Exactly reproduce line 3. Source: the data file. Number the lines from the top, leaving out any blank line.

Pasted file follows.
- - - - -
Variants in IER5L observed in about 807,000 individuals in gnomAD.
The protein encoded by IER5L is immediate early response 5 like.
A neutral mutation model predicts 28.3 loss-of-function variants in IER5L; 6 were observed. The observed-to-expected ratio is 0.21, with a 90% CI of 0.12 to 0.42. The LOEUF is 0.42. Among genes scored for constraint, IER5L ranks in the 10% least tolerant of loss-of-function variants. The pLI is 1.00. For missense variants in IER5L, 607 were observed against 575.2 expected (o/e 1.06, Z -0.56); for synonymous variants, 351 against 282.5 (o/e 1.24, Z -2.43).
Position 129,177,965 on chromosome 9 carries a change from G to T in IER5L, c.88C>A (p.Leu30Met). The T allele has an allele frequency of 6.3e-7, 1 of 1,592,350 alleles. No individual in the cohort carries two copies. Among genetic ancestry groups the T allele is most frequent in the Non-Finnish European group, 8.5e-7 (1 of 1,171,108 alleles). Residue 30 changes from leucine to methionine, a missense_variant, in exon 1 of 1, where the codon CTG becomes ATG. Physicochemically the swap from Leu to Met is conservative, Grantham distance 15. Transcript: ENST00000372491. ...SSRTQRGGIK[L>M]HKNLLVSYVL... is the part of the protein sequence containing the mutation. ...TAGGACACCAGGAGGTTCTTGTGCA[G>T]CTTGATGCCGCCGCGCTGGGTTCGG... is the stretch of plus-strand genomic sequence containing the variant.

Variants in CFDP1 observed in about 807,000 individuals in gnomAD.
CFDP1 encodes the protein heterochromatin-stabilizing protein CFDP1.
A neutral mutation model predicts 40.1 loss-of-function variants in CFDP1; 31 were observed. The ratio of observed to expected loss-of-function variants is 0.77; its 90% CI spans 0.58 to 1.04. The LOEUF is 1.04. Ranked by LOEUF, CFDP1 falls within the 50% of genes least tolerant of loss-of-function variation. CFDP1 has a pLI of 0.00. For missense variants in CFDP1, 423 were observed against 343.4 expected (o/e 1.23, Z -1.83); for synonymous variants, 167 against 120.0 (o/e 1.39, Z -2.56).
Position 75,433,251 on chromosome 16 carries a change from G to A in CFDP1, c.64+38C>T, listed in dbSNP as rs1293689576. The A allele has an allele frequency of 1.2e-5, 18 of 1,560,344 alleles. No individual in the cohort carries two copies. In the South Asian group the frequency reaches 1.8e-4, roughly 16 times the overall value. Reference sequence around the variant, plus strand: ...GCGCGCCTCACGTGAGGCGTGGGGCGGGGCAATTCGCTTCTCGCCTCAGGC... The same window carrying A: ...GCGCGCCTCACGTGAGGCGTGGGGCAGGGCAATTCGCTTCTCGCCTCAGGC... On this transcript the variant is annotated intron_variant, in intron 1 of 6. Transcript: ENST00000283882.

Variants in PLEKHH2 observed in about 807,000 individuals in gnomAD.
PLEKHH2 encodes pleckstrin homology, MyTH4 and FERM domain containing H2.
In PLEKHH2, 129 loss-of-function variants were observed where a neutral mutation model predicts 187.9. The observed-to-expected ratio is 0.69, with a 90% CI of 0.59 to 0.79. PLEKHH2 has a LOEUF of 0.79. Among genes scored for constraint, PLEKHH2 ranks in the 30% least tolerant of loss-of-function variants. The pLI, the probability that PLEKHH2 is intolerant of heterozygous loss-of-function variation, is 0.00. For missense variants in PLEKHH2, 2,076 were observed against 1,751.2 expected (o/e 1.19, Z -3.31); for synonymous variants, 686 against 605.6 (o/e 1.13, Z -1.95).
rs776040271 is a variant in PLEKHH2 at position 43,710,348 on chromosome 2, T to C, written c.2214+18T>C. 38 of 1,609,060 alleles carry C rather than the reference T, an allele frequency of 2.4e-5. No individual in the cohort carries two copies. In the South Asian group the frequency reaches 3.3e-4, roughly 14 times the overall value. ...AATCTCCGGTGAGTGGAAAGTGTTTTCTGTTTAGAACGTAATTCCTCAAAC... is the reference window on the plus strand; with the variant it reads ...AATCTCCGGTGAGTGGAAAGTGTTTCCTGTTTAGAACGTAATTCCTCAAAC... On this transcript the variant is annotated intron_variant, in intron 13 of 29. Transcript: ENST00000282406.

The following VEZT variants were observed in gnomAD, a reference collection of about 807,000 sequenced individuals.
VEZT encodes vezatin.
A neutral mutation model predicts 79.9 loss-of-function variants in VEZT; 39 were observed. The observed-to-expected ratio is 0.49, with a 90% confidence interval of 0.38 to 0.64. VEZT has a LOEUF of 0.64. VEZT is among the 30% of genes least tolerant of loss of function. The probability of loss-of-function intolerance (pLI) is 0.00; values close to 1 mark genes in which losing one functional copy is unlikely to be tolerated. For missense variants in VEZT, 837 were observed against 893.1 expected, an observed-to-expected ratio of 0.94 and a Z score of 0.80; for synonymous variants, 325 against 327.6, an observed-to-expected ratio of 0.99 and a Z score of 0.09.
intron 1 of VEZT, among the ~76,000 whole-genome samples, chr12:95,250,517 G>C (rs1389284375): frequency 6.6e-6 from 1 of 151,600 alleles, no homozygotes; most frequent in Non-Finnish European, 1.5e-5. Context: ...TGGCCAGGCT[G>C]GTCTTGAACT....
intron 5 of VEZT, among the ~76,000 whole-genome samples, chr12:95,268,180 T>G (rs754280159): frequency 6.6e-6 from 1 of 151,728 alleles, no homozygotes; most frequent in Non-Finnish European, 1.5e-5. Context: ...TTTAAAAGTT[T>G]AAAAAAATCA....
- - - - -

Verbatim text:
A neutral mutation model predicts 28.3 loss-of-function variants in IER5L; 6 were observed. The observed-to-expected ratio is 0.21, with a 90% CI of 0.12 to 0.42. The LOEUF is 0.42. Among genes scored for constraint, IER5L ranks in the 10% least tolerant of loss-of-function variants. The pLI is 1.00. For missense variants in IER5L, 607 were observed against 575.2 expected (o/e 1.06, Z -0.56); for synonymous variants, 351 against 282.5 (o/e 1.24, Z -2.43).